Tim Humphrey D.Phil
Dr. Tim Humphrey
DNA double-strand breaks (DSBs) are highly genotoxic lesions, arising either through DNA metabolism or from exposure to DNA damaging agents such as ionizing radiation. In addition to causing cell death, such lesions can cause chromosomal rearrangements, a hallmark of cancer cells, which can lead to oncogene activation or to loss of heterozygosity. The objective of the laboratory is to understand how genome stability is maintained in response to DSB's. We are examining the mechanisms and determinants of DSB repair, including the role of tumour suppressor genes, in suppressing break-induced chromosomal rearrangements in normal cells. Further we are examining DSB misrepair and the fate of unrepaired broken chromosomes, to gain new insights into the mechanisms by which such lesions contribute to genome instability and tumorigenesis. We are using the genetically amenable fission yeast Schizosaccharomyces pombe as our primary model system in which DNA damage responses are evolutionarily conserved. Findings made in fission yeast are being analysed further in mammalian cells. research techniques employed include genetics, molecular biology and biochemistry.
- Dr Chen-Chun Pai, Postdoctoral Researcher
- Dr Sovan Sarkar, Postdoctoral Researcher
- Carol Walker, Lab Manager
- Elizabeth Blaikley, DPhil Student
- Sara Ahrabi, DPhil Student
- Sophia Pfister, DPhil Student
2003-2007 Senior Group Leader, MRC Radiation and Genome Stability Unit
1997-2003 Group Leader MRC, Radiation and Genome Stability Unit
1997 Director of Graduate Studies
1993-1997 Post-Doctoral Research Fellow, Harvard University
1991-1993 Post-Doctoral Research Fellow, Oxford University
1985-1987 Research Assistant, Heidelberg University
Awards Training and Qualifications
- 2003, MRC Career Appointment,
- 1996, Charles A. King Trust Post-Doctoral Fellowship Award,
- 1994, Human Frontiers Science Programme Fellowship Award,
- 1993, European Molecular Biology Long-Term Fellowship,
- 1991, D. Phil. Molecular Biology, Oxford University
- 1985, B.Sc. Hons. Brewing and Microbiology, Heriot-Watt University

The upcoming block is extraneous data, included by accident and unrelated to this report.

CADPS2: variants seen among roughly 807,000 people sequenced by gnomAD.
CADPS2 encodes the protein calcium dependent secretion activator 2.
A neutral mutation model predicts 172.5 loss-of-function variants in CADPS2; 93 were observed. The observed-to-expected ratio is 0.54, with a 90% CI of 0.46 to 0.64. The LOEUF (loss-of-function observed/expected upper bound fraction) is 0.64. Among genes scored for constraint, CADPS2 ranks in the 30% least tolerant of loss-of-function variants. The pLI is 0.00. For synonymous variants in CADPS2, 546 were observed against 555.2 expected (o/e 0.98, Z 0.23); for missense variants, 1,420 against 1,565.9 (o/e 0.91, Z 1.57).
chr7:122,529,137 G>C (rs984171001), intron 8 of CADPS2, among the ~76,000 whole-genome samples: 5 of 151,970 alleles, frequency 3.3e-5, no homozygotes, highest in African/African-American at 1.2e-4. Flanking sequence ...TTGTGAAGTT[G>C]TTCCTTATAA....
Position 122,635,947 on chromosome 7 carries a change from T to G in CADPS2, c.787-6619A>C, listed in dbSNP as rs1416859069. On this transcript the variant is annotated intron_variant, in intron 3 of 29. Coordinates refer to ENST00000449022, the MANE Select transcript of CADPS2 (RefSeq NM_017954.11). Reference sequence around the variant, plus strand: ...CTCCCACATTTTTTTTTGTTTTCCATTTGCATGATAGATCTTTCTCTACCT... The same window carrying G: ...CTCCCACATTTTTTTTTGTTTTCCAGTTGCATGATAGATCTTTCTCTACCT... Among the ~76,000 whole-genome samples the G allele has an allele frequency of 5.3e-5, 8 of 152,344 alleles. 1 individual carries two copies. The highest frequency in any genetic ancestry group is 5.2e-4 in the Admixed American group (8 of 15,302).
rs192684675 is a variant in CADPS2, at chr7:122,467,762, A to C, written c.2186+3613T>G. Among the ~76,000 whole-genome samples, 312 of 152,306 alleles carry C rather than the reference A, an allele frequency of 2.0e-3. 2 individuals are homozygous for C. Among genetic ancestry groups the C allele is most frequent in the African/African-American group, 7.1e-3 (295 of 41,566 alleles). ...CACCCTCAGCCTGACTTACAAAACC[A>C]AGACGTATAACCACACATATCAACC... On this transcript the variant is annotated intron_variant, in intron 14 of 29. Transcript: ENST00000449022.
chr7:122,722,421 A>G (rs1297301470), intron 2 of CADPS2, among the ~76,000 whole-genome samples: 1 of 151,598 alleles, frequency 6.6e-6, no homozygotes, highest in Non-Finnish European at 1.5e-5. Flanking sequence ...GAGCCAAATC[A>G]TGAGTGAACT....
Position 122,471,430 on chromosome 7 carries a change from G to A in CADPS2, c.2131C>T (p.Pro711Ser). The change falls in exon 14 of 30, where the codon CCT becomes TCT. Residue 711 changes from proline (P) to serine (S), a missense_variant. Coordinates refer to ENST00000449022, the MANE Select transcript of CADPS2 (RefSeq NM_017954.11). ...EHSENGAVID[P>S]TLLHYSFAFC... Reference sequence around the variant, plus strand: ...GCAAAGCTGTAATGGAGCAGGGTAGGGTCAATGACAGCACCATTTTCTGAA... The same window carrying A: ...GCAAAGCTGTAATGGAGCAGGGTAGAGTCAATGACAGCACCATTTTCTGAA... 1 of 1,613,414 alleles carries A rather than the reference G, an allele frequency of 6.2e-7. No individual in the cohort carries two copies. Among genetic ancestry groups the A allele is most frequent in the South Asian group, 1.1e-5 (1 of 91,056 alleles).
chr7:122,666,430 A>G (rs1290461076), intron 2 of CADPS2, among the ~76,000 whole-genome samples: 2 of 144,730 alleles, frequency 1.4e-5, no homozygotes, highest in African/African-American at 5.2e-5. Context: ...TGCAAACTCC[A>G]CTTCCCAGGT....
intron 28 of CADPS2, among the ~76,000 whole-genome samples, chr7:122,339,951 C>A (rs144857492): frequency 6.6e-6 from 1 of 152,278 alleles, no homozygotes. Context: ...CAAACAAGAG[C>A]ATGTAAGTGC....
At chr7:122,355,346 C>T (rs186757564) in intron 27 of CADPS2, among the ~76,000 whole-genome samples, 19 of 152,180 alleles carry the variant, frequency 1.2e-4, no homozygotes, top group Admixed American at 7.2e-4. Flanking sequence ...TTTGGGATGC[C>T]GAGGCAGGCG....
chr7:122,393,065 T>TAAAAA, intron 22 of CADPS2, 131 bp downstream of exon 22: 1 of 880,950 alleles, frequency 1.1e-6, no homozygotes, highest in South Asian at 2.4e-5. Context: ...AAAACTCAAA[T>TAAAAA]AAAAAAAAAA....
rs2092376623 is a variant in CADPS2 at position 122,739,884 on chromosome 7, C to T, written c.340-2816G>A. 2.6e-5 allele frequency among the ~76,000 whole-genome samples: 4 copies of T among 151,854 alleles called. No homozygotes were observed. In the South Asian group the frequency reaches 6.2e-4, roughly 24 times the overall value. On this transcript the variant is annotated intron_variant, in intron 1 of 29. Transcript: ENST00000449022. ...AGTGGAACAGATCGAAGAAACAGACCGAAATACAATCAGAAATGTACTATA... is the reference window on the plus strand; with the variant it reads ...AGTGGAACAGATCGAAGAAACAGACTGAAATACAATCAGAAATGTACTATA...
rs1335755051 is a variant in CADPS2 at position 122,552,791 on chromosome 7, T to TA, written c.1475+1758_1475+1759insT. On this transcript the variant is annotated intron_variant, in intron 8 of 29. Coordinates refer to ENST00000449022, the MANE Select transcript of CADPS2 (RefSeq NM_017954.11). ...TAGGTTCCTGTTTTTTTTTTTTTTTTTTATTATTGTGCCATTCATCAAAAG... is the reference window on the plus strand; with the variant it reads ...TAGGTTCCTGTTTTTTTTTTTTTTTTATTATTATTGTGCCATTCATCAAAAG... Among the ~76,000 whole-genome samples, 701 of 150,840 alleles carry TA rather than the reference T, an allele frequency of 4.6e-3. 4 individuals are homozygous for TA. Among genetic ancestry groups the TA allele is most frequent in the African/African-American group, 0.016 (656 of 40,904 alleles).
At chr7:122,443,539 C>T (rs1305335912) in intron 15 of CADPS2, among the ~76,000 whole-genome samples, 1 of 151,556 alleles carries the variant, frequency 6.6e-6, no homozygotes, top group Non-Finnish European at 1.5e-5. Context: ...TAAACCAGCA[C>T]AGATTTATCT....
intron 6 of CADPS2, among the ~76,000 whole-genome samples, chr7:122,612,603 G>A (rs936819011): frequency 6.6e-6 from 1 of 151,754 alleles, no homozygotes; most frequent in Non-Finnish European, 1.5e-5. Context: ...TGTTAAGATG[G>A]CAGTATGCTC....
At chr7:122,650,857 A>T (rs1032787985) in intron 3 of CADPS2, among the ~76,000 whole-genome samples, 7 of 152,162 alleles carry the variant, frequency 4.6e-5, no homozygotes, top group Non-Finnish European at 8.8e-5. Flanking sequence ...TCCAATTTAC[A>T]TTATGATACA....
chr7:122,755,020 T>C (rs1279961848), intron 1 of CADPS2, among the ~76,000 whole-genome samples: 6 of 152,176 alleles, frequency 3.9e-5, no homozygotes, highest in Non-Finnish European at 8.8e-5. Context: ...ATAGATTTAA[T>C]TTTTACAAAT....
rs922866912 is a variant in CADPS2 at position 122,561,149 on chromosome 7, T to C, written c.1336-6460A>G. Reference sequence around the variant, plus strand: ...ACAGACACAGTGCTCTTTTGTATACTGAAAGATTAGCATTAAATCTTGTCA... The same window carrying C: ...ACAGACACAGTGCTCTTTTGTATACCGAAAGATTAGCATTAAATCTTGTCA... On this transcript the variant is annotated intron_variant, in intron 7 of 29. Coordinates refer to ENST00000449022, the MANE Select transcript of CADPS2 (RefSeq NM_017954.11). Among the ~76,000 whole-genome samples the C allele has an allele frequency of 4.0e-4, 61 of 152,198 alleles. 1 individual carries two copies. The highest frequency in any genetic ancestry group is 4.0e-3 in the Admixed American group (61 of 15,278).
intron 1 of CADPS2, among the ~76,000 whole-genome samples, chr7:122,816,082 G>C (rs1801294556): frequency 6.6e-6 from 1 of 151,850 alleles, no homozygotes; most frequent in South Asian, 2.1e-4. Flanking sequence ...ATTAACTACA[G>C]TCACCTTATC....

Moss J, Tinline-Purvis H, Walker C, Folkes L, Stratford M, Hayles J, Hoe K, Kim D, Park H, Kearsey S, Fleck O, Holmberg C, Nielsen O, and Humphrey T (2010). Break-induced ATR and Ddb1-Cul4Cdt2 ubiquitin ligase-dependent nucleotide synthesis promotes homologous recombination repair in fission yeast. Genes Dev, 24(23):2705-16.
McFarlane R, and Humphrey T (2010). A role for recombination in centromere function. Trends Genet, 26(5):209-213.
Tinline-Purvis H, Savory A, Cullen J, Dave A, Moss J, Bridge W, Marguerat S, Bahler J, Ragoussis J, Mott R, Walker C, and Humphrey T (2009). Failed gene conversion leads to extensive end processing and chromosomal rearrangements in fission yeast. EMBO J, 28(21):3400-12.
George V, Brooks G, and Humphrey T (2007). Regulation of cell cycle and stress responses to hydrostatic pressure in fission yeast. Mol Biol Cell, 18(10):4168-79.
Cullen J, Hussey S, Walker C, Prudden J, Wee BY, Dave A, Findlay J, Savory A, and Humphrey T (2007). Break-induced loss of heterozygosity in fission yeast: dual roles for homologous recombination in promoting translocations and preventing de novo telomere addition. Mol Cell Biol, 27(21):7745-57.
Humphrey T, and Pearce A (2005). Cell cycle molecules and mechanisms of the budding and fission yeasts. Methods Mol Biol, 296:3-29.
Dunand-Sauthier I, Walker C, Narasimhan J, Pearce A, Wek R, and Humphrey T (2005).
Stress-activated protein kinase pathway functions to support protein synthesis and translational adaptation in response to environmental stress in fission yeast. Eukaryot Cell, 4(11):1785-93.
Humphrey T, and Brooks G (2005). Cell Cycle Control: Mechanisms and Protocols. Methods in Molecular Biology, Humana Press, Inc. Totowa NJ, USA, 206.
Watson A, Mata J, Bahler J, Carr A, and Humphrey T (2004). Global gene expression responses of fission yeast to ionizing radiation. Mol Biol Cell, 15(2):851-60.
Prudden J, Evans J, Hussey S, Deans B, O'Neill P, Thacker J, and Humphrey T (2003). Pathway utilization in response to a site-specific DNA double-strand break in fission yeast. EMBO J, 22(6):1419-30.